Episode 41 – Advanced Practice Makes Perfect w/Bill Hinckley (Part 2)


In this podcast episode, we are joined by Dr. Bill Hinckley to discuss advanced practice models in HEMS. Bill is a rare breed that defines “passion” in HEMS, to say the least. His experience coupled with being an overwhelmingly nice guy led to a lengthy discussion. We did not want to cheat your experience, so we split the podcast episode into two separate parts.

This second part focuses on the big picture. We talk about the Airline Disregulation Act (ADA), HEMS bureaucracy, over-saturation, and billing practices. We touch on the need for advanced practice models in our current climate and the importance of generally doing the right thing.


Den Hartog Injury 2015 Survival benefit of physician-staffed HEMS assistance for trauma

Fukuda JAMA Surg 2018 Association of Prehospital ALS by physician with survival after blunt trauma OOHCA from MVC

Garner Emerg Med Australasia 2004 The role of physician staffing of HEMS in prehospital trauma response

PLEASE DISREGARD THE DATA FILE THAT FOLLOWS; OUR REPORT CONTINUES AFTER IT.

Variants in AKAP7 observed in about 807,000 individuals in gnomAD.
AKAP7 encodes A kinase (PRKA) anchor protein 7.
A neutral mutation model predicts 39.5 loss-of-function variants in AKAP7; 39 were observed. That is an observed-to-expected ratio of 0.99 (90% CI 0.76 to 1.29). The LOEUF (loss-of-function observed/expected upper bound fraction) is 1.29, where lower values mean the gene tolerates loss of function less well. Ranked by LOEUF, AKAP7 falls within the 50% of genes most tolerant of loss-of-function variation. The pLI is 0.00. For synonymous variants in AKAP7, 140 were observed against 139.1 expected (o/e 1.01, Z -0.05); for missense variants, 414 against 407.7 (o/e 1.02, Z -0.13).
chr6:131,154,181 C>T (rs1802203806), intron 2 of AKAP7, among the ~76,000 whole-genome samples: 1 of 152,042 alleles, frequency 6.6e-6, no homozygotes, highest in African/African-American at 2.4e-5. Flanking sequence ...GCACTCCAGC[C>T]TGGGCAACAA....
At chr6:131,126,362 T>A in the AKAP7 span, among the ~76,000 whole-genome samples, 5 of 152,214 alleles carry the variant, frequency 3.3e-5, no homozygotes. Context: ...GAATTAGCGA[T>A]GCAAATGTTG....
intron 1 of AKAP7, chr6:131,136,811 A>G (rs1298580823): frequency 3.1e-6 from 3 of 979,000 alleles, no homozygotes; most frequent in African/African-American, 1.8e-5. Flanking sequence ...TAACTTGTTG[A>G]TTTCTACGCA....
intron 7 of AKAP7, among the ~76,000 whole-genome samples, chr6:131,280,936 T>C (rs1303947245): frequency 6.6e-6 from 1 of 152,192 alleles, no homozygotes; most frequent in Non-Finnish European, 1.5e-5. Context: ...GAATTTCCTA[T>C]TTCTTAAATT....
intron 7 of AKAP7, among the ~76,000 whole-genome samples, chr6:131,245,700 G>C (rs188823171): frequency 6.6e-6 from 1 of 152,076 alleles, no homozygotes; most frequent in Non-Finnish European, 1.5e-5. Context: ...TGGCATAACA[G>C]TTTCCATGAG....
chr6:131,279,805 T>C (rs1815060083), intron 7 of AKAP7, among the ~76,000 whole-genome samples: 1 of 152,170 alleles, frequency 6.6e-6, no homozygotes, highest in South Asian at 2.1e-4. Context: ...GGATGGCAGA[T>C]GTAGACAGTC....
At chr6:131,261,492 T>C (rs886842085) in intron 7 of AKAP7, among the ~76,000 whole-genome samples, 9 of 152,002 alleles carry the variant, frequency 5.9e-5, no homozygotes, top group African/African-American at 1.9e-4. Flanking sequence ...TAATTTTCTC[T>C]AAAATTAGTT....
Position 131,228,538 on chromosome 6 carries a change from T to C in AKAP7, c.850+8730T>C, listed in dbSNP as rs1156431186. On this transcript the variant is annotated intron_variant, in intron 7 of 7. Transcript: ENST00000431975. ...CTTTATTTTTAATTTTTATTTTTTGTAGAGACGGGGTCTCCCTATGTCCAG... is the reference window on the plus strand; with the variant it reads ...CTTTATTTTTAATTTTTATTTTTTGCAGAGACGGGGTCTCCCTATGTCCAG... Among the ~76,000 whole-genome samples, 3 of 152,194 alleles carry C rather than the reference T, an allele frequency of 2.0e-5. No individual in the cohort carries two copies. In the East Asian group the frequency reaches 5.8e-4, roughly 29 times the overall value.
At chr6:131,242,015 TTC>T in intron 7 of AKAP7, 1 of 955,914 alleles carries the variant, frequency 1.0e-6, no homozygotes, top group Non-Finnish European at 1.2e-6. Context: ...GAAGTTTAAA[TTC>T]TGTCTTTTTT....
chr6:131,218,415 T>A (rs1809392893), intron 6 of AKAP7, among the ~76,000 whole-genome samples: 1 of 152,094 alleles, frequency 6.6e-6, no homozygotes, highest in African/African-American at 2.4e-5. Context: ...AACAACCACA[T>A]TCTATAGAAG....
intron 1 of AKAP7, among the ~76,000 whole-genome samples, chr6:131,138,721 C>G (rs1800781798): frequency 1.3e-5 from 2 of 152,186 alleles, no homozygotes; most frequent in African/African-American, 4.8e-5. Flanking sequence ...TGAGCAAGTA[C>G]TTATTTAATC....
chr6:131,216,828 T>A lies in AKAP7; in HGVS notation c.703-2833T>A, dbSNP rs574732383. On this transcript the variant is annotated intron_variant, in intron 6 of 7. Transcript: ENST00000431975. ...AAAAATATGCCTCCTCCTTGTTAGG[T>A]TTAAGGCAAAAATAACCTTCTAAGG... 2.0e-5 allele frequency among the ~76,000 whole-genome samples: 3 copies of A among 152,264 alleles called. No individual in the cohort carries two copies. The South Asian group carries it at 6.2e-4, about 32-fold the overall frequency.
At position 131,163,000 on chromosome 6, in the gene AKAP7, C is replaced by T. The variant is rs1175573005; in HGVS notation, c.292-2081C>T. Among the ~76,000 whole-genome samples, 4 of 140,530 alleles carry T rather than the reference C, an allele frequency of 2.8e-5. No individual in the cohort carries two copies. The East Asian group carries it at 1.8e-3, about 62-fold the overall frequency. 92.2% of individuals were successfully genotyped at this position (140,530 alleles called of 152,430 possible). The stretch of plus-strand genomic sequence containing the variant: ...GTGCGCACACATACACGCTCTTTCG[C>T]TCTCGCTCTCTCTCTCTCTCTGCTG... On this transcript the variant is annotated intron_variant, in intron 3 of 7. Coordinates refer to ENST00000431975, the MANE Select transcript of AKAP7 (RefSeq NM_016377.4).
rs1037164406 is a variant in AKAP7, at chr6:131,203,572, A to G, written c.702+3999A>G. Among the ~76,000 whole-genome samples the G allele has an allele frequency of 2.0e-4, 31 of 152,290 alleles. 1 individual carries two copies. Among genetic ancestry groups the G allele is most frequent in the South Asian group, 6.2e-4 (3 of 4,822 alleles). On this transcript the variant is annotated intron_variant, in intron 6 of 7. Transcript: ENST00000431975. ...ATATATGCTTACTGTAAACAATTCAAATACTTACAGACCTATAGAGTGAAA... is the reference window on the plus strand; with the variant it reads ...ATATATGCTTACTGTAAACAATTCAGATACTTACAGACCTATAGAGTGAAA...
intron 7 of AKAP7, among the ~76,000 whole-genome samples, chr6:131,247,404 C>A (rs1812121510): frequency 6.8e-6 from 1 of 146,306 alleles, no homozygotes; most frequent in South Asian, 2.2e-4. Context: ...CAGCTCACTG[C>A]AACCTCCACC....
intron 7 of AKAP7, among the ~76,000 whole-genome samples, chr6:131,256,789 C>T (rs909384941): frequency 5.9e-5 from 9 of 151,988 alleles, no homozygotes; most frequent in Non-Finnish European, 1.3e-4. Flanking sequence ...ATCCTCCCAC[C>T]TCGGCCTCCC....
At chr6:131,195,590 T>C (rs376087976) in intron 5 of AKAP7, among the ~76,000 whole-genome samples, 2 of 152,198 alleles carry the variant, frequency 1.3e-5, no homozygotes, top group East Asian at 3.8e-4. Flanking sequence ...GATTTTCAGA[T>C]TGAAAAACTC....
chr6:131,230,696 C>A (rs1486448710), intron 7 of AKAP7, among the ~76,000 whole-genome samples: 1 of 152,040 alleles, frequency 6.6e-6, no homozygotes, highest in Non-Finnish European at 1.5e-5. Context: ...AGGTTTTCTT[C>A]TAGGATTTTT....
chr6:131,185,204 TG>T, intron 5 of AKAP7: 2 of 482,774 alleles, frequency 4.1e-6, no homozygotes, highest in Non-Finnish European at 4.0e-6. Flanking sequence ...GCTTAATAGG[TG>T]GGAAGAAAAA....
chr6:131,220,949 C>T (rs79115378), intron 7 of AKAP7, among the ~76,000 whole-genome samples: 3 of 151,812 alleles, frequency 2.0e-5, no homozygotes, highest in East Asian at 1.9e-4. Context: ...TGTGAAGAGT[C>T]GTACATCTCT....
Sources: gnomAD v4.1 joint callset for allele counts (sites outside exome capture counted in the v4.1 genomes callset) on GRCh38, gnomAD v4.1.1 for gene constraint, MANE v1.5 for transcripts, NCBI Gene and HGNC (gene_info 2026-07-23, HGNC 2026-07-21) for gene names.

Garner EMJ 2015 HIRT Head injury retrieval trial

https://emj.bmj.com/content/26/2/128.short

https://www.airmedandrescue.com/features/docs-onboard

http://ispub.com/IJAMT/2/1/9638

http://www.tamingthesru.com/air-care-education

https://www.uchealth.com/aircare-mobilecare/

http://www.ampa.org/

https://acctforpatients.org/

2 thoughts on “Episode 41 – Advanced Practice Makes Perfect w/Bill Hinckley (Part 2)

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  1. I’m curious about the team dynamics in an advanced practice model. I work in a nurse/medic model which is very much a partnership. Do you have a similar dynamic with an NP and a nurse or does the NP call the shots more like in the hospital setting?

    1. It will vary depending on the state, program, and individual clinician. Just like a nurse/medic model, level of education doesn’t necessarily determine level of autonomy. It’s more or less based on whatever rapport has been established. To a certain degree, the advanced practice provider will always have the final say from a legal standpoint. That being said, being a competent and motivated clinician will buy you more say no matter what setting you find yourself in.

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